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Robert Bass v. Lisa Madigan


December 21, 2010


The opinion of the court was delivered by: Milton I. Shadur Senior United States District Judge


Robert Bass ("Bass") has filed a Clerk's-Office-supplied "Petition under 28 USC §2254*fn1 for Writ of Habeas Corpus by a Person in State Custody."*fn2 But what he is complaining about is a conviction that goes back to 1995 (when he was 17 years old), in which he asserts that his constitutional rights were violated. There is no doubt about that -- here is how he frames his prayer for relief:

1. Order his 1994 State robbery conviction and sentence vacated due to the violation of his constitutional rights and/or violation of criminal procedures.

2. Order his State 1994 robbery conviction changed, nunc pro tunc, to a juvenile conviction (nullifying his adult conviction.

What Bass obviously does not understand is that any such attack is misguided for a number of reasons. This memorandum opinion and order will go on to identify some of those (although the matters set out here may not be fully exhaustive), any one of which reasons requires dismissal of this action.

First of course is the already-mentioned fact that Bass is not "in custody pursuant to the judgment of a State Court," which Section 2254(a) and (b) make the essential prerequisite for any federal habeas proceeding. True enough, Bass' earlier misguided effort to seek relief under 42 U.S.C.§ 1983 (in Case No. 10 C 1142, Bass v. State Attorney) was dismissed by this Court's colleague Honorable George Lindberg on March 2, 2010, and Judge Lindberg's minute order of dismissal there said that any effort to change Bass' custodial status had to be asserted in a habeas action rather than in a Section 1983 lawsuit.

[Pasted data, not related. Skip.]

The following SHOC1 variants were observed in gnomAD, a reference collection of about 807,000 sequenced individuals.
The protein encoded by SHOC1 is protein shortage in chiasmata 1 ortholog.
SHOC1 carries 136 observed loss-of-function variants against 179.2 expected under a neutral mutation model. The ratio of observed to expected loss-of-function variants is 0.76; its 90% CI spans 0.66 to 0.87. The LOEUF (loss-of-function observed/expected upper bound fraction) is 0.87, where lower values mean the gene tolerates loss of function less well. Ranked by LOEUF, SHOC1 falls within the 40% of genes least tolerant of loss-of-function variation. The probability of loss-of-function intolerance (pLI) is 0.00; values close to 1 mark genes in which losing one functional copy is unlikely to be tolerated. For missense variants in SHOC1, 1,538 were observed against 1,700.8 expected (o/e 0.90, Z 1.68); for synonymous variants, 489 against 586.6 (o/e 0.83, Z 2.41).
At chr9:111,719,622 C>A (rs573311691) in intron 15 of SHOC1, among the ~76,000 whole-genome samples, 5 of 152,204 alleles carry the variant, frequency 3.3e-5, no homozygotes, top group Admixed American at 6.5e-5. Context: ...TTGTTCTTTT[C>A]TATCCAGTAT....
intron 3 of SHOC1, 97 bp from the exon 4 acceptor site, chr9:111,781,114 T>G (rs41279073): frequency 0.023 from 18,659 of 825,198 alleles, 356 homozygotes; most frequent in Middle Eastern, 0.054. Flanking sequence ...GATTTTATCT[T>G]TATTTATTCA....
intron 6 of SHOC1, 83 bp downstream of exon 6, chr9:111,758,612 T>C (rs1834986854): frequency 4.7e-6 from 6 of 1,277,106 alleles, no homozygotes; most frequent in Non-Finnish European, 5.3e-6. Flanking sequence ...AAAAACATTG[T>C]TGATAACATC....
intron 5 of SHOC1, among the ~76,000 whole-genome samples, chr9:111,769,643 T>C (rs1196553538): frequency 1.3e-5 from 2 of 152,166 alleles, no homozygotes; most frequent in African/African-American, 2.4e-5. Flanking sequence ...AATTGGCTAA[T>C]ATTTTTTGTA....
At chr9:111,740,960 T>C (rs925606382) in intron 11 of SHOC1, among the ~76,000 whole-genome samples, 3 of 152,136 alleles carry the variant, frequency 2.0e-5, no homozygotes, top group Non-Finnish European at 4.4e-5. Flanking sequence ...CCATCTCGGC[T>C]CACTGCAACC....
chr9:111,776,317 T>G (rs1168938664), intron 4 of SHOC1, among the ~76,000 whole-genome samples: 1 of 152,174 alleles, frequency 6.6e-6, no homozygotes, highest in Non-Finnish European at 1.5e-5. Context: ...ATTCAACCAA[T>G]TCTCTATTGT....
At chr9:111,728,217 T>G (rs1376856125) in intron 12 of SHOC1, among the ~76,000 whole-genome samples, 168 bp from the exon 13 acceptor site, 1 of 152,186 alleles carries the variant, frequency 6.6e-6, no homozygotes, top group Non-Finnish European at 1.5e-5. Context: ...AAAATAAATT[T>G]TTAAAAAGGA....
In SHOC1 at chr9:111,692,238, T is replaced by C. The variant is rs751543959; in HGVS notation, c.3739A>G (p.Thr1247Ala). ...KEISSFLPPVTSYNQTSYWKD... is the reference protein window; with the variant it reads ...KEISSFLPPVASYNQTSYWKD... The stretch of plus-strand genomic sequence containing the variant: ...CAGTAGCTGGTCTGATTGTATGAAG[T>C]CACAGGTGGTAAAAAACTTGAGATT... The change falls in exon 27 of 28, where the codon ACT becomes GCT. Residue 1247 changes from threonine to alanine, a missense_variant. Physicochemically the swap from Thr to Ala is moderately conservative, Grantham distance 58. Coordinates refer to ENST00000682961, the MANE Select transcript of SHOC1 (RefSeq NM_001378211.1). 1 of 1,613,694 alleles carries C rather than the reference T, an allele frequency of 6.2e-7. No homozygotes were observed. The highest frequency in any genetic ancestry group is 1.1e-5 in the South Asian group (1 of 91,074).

But whatever may be said about that dismissal order, Bass' current submission makes it clear that he is now in federal custody on a federal sentence (one that he claims is affected by the asserted constitutional violation committed in the state case some 15 years back). And that simply does not bring Bass within the purview of Section 2254.

Nor would Bass fare any better if his action were to be viewed instead through the lens of a Section 2255 motion. In that respect, he has not asserted (as Section 2255(a) requires) that his federal sentence was imposed in violation of the United States Constitution or laws, in addition to which any Section 2255 motion would have to be brought before the court that imposed the federal sentence (not this United States District Court for the Northern District of Illinois).

As if those things were not enough (and they are clearly more than enough), any Section 2254 action or Section 2255 motion is subject to a one-year limitation period. As for the former, the clock for attacking the 1995 state court conviction (see Section 2244(d)) ran out many years ago. And as for the latter, the one-year period prescribed by Section 2255(d) also appears to have expired long since -- but in any event this Court has no authority to convert Bass' current filing into a Section 2255 motion, especially where this is the wrong forum for any such motion anyway.

In summary, both the Petition and this action are dismissed pursuant to Rule 4 of the Rules Governing Section 2254 cases in the United States District Courts. This Court expresses no ultimate view as to whether Bass has any relief still available to him via any route for the grievance he currently seeks to advance.

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